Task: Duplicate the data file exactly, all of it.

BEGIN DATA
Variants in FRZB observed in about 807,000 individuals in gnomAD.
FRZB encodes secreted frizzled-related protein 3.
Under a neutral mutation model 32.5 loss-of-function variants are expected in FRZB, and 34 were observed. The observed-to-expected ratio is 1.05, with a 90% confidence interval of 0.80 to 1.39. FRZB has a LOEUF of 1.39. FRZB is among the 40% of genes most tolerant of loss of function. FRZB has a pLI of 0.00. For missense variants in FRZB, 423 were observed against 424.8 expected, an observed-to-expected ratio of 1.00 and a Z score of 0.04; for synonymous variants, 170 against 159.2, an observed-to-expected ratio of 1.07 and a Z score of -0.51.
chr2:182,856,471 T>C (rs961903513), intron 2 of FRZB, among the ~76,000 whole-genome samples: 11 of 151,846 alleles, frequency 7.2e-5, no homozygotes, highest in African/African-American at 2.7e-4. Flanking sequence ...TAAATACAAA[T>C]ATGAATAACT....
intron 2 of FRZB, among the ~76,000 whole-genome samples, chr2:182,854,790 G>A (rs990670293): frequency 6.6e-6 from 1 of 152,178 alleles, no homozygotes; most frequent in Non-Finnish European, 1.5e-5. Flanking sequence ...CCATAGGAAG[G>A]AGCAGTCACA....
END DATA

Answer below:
Variants in FRZB observed in about 807,000 individuals in gnomAD.
FRZB encodes secreted frizzled-related protein 3.
Under a neutral mutation model 32.5 loss-of-function variants are expected in FRZB, and 34 were observed. The observed-to-expected ratio is 1.05, with a 90% confidence interval of 0.80 to 1.39. FRZB has a LOEUF of 1.39. FRZB is among the 40% of genes most tolerant of loss of function. FRZB has a pLI of 0.00. For missense variants in FRZB, 423 were observed against 424.8 expected, an observed-to-expected ratio of 1.00 and a Z score of 0.04; for synonymous variants, 170 against 159.2, an observed-to-expected ratio of 1.07 and a Z score of -0.51.
chr2:182,856,471 T>C (rs961903513), intron 2 of FRZB, among the ~76,000 whole-genome samples: 11 of 151,846 alleles, frequency 7.2e-5, no homozygotes, highest in African/African-American at 2.7e-4. Flanking sequence ...TAAATACAAA[T>C]ATGAATAACT....
intron 2 of FRZB, among the ~76,000 whole-genome samples, chr2:182,854,790 G>A (rs990670293): frequency 6.6e-6 from 1 of 152,178 alleles, no homozygotes; most frequent in Non-Finnish European, 1.5e-5. Flanking sequence ...CCATAGGAAG[G>A]AGCAGTCACA....